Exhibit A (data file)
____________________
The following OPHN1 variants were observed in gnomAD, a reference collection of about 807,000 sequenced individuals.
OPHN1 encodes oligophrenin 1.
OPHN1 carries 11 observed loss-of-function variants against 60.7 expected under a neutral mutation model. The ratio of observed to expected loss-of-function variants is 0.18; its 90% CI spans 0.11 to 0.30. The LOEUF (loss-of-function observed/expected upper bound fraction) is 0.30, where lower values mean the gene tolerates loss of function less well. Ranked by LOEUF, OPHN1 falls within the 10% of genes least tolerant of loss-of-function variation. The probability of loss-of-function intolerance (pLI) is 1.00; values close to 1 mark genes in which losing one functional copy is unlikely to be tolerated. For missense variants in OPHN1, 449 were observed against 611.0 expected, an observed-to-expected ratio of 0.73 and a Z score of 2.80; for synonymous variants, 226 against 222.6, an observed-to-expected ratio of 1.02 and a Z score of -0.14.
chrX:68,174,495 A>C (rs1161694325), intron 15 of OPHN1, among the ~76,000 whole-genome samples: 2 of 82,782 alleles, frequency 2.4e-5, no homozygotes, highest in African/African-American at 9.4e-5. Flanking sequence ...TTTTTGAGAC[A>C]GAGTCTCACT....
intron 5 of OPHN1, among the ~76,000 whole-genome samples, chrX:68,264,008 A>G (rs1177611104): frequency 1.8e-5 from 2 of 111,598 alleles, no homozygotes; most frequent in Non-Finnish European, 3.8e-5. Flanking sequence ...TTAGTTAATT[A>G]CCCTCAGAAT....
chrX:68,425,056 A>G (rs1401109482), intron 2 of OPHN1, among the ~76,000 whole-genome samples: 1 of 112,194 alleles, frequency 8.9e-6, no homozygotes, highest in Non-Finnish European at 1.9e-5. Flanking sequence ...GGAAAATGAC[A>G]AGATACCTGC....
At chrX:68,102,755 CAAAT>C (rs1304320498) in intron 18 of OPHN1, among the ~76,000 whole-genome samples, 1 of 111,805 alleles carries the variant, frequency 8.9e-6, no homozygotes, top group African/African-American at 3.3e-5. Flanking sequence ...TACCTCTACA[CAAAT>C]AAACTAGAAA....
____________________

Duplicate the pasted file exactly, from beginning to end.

The following OPHN1 variants were observed in gnomAD, a reference collection of about 807,000 sequenced individuals.
OPHN1 encodes oligophrenin 1.
OPHN1 carries 11 observed loss-of-function variants against 60.7 expected under a neutral mutation model. The ratio of observed to expected loss-of-function variants is 0.18; its 90% CI spans 0.11 to 0.30. The LOEUF (loss-of-function observed/expected upper bound fraction) is 0.30, where lower values mean the gene tolerates loss of function less well. Ranked by LOEUF, OPHN1 falls within the 10% of genes least tolerant of loss-of-function variation. The probability of loss-of-function intolerance (pLI) is 1.00; values close to 1 mark genes in which losing one functional copy is unlikely to be tolerated. For missense variants in OPHN1, 449 were observed against 611.0 expected, an observed-to-expected ratio of 0.73 and a Z score of 2.80; for synonymous variants, 226 against 222.6, an observed-to-expected ratio of 1.02 and a Z score of -0.14.
chrX:68,174,495 A>C (rs1161694325), intron 15 of OPHN1, among the ~76,000 whole-genome samples: 2 of 82,782 alleles, frequency 2.4e-5, no homozygotes, highest in African/African-American at 9.4e-5. Flanking sequence ...TTTTTGAGAC[A>C]GAGTCTCACT....
intron 5 of OPHN1, among the ~76,000 whole-genome samples, chrX:68,264,008 A>G (rs1177611104): frequency 1.8e-5 from 2 of 111,598 alleles, no homozygotes; most frequent in Non-Finnish European, 3.8e-5. Flanking sequence ...TTAGTTAATT[A>G]CCCTCAGAAT....
chrX:68,425,056 A>G (rs1401109482), intron 2 of OPHN1, among the ~76,000 whole-genome samples: 1 of 112,194 alleles, frequency 8.9e-6, no homozygotes, highest in Non-Finnish European at 1.9e-5. Flanking sequence ...GGAAAATGAC[A>G]AGATACCTGC....
At chrX:68,102,755 CAAAT>C (rs1304320498) in intron 18 of OPHN1, among the ~76,000 whole-genome samples, 1 of 111,805 alleles carries the variant, frequency 8.9e-6, no homozygotes, top group African/African-American at 3.3e-5. Flanking sequence ...TACCTCTACA[CAAAT>C]AAACTAGAAA....